Elsie Gertrude Ross: First Woman accorded Full Military Funeral Honours in Stratford.

Nursing Sister Elsie Gertrude Ross

On February 29, 1916, Nursing Sister Elsie Gertrude Ross of the Canadian Army Medical Corps (CAMC) from North Easthope was the first woman to be buried with full military honours in Avondale Cemetery.

Elsie Gertrude Ross was born on June 22, 1882 in West Zorra Township near Harrington which is about 10 miles south of Stratford. She was the second daughter born to Alexander and Christina (Murray) Ross. Their family would eventually include six children. By 1901, the family had moved to a farm in North Easthope on Concession 3, Lot 37, located just west of Road 119.

Elsie graduated from the Stratford Collegiate Institute and taught school for a short time afterwards. She later chose nursing as her lifetime career. She attended, and graduated from, the Toronto General Hospital nurses training school.

World War I broke out in 1914, and many Canadian army troops were concentrated in the Niagara and Toronto areas. Elsie joined the Canadian Army Medical Corps at Niagara-on-the-Lake on July 14, 1915 with the rank of Nursing Sister.

Elsie Ross: Enlistment Papers Army Medical Service Corps

Elsie worked in the army camps in the area and at the Soldiers Convalescent Home in Toronto. She was promoted to Matron of the Military Hospital for Retired Sick Soldiers in Toronto.

Elsie Ross: Death Certificate 1916

Elsie served there for only two months in the convalescent hospital for returning soldiers before her death on February 26, 1916. On her death certificate, the cause of death was listed as pleuro-pneumonia.

Perhaps it was her dedication, or her cheery disposition, but when she died the military she had cared for showed the nursing sister the same respect. As reported by the Toronto Daily Star on Feb. 28, 1916, the military funeral of nursing sister Ross was held at the Toronto Medical Academy at Queen's Park, under the direction of Brigadier General Logie, the Commanding Officer of the No. 2 Military District headquartered in Toronto.

"The Academy was crowded with the numerous relatives, colleagues and friends who gathered to pay a last respect to the late nursing sister. The casket was placed in the auditorium of the Academy, surrounded by numerous floral tributes, among which were remembrances from all the local hospitals and medical institutes."

On February 28, 1916, her military funeral was held at the Toronto Military Academy at Queen’s Park under the direction of Brigadier General Logie, Canadian Army Medical Corps officers carried her Union Jack-draped casket through the honour guard to the awaiting gun carriage of the 75th Battalion. The procession proceeded down University Avenue to Queen Street, down Simcoe Street and finally to Union Station where her casket was sent to Stratford.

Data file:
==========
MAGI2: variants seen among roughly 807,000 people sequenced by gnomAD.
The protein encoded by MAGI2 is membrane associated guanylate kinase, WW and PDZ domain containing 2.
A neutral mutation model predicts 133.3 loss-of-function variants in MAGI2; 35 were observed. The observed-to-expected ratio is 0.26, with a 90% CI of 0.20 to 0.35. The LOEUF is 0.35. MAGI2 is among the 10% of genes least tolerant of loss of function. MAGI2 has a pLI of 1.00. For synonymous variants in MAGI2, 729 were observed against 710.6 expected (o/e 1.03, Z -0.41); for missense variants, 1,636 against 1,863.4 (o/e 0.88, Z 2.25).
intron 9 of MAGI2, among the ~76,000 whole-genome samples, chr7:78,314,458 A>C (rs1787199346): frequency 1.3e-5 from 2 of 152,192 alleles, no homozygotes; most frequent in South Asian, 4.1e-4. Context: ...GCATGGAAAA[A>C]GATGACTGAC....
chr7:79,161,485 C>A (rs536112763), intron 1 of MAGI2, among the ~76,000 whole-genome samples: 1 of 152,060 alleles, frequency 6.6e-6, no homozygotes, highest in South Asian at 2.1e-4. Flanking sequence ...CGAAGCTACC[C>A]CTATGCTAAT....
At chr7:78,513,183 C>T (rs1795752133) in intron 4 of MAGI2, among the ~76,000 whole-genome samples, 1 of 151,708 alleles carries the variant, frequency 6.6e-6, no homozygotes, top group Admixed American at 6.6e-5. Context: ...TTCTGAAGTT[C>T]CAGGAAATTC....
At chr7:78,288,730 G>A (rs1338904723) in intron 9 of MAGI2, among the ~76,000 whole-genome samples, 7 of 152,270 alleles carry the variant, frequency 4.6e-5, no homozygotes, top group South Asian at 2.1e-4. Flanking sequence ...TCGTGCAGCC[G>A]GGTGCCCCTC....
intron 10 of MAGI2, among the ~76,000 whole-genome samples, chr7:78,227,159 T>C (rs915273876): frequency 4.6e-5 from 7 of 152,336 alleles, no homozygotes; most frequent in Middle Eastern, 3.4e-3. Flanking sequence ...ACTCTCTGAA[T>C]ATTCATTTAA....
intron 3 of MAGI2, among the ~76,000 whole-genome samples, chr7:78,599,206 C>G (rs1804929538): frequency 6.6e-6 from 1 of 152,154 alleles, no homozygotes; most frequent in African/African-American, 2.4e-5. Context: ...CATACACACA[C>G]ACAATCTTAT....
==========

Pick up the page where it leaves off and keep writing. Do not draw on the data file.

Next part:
The Toronto Daily Star also reported "The presence of about 50 of the war-scarred heroes from the Convalescent Home lent a deeper military tone to the ceremony. Many of the veterans hobbled behind the gun carriage on crutches, while others trudged along with the aid of a stick".

Once back in Perth County, Elsie was laid to rest the next day on February 29. A gun carriage was sent from Guelph, assisted by men from the 71st and 110th Battalions. Rev. Dr. Martin of Knox Presbyterian Church led the service at 1:30 p.m. A full military funeral left her parents' homestead at 2 p.m.

At the Stratford city limits, the coffin was transferred from the hearse to a gun-carriage. Several thousand citizens watched as the procession proceeded down Waterloo Street, Ontario Street to Huron Street and on to Avondale Cemetery. Members of the medical staff of the Convalescent Home were pallbearers and the entire 110th Battalion paraded. Hundreds of friends and family accompanied the mourners to the city.

The name of Elsie Gertrude Ross is carved on the Stratford Cenotaph with other soldiers from WWI. Elsie Ross’ name is also in the Memorial Book on display in the Peace Tower of the Parliament Buildings in Ottawa. Each day a new page is turned for visitors to read the names of the fallen.

Nursing Sister Elsie Gertrude Ross was the first military funeral to be held for a woman in Stratford.

Sources: Stratford Historical Society: The Toronto Daily Star, Feb 28, 1916, The Globe and Mail, Toronto Wednesday, March 1, 1916, Stratford Beacon Herald, article by Carolynn Bart-Riedstra, The Canadian Virtual War Memorial Heroes of West Zorra Website

Partial Page from The Memorial Book in the Peace Tower of The Parliament Buildings.